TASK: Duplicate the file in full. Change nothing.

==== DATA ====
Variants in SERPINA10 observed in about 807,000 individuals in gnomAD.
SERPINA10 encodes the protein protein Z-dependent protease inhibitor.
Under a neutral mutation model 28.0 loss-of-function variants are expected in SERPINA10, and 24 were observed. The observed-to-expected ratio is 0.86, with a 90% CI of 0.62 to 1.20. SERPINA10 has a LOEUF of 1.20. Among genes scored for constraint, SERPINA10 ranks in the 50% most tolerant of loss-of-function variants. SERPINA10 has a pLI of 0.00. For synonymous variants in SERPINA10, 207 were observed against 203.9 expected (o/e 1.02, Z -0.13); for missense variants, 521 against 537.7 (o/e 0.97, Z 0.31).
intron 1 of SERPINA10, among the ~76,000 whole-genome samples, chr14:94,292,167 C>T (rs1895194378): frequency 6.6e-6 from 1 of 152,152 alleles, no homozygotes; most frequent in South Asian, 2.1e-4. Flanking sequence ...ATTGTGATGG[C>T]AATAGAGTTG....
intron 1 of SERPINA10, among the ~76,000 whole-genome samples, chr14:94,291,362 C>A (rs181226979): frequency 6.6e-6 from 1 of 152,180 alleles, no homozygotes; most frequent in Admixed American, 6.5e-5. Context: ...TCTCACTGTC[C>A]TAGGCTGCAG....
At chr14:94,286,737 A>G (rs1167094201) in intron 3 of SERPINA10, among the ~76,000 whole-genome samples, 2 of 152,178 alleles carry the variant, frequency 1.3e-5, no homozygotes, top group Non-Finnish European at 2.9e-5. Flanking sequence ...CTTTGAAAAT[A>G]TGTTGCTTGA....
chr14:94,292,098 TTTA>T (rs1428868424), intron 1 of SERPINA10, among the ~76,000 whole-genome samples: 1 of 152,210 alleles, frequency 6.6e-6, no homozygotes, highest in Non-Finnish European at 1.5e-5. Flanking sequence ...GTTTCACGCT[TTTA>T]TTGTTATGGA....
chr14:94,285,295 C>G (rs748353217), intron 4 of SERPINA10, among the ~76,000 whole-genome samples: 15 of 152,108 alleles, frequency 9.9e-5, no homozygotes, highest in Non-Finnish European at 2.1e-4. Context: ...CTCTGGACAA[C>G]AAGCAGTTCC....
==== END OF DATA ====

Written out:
Variants in SERPINA10 observed in about 807,000 individuals in gnomAD.
SERPINA10 encodes the protein protein Z-dependent protease inhibitor.
Under a neutral mutation model 28.0 loss-of-function variants are expected in SERPINA10, and 24 were observed. The observed-to-expected ratio is 0.86, with a 90% CI of 0.62 to 1.20. SERPINA10 has a LOEUF of 1.20. Among genes scored for constraint, SERPINA10 ranks in the 50% most tolerant of loss-of-function variants. SERPINA10 has a pLI of 0.00. For synonymous variants in SERPINA10, 207 were observed against 203.9 expected (o/e 1.02, Z -0.13); for missense variants, 521 against 537.7 (o/e 0.97, Z 0.31).
intron 1 of SERPINA10, among the ~76,000 whole-genome samples, chr14:94,292,167 C>T (rs1895194378): frequency 6.6e-6 from 1 of 152,152 alleles, no homozygotes; most frequent in South Asian, 2.1e-4. Flanking sequence ...ATTGTGATGG[C>T]AATAGAGTTG....
intron 1 of SERPINA10, among the ~76,000 whole-genome samples, chr14:94,291,362 C>A (rs181226979): frequency 6.6e-6 from 1 of 152,180 alleles, no homozygotes; most frequent in Admixed American, 6.5e-5. Context: ...TCTCACTGTC[C>A]TAGGCTGCAG....
At chr14:94,286,737 A>G (rs1167094201) in intron 3 of SERPINA10, among the ~76,000 whole-genome samples, 2 of 152,178 alleles carry the variant, frequency 1.3e-5, no homozygotes, top group Non-Finnish European at 2.9e-5. Flanking sequence ...CTTTGAAAAT[A>G]TGTTGCTTGA....
chr14:94,292,098 TTTA>T (rs1428868424), intron 1 of SERPINA10, among the ~76,000 whole-genome samples: 1 of 152,210 alleles, frequency 6.6e-6, no homozygotes, highest in Non-Finnish European at 1.5e-5. Flanking sequence ...GTTTCACGCT[TTTA>T]TTGTTATGGA....
chr14:94,285,295 C>G (rs748353217), intron 4 of SERPINA10, among the ~76,000 whole-genome samples: 15 of 152,108 alleles, frequency 9.9e-5, no homozygotes, highest in Non-Finnish European at 2.1e-4. Context: ...CTCTGGACAA[C>G]AAGCAGTTCC....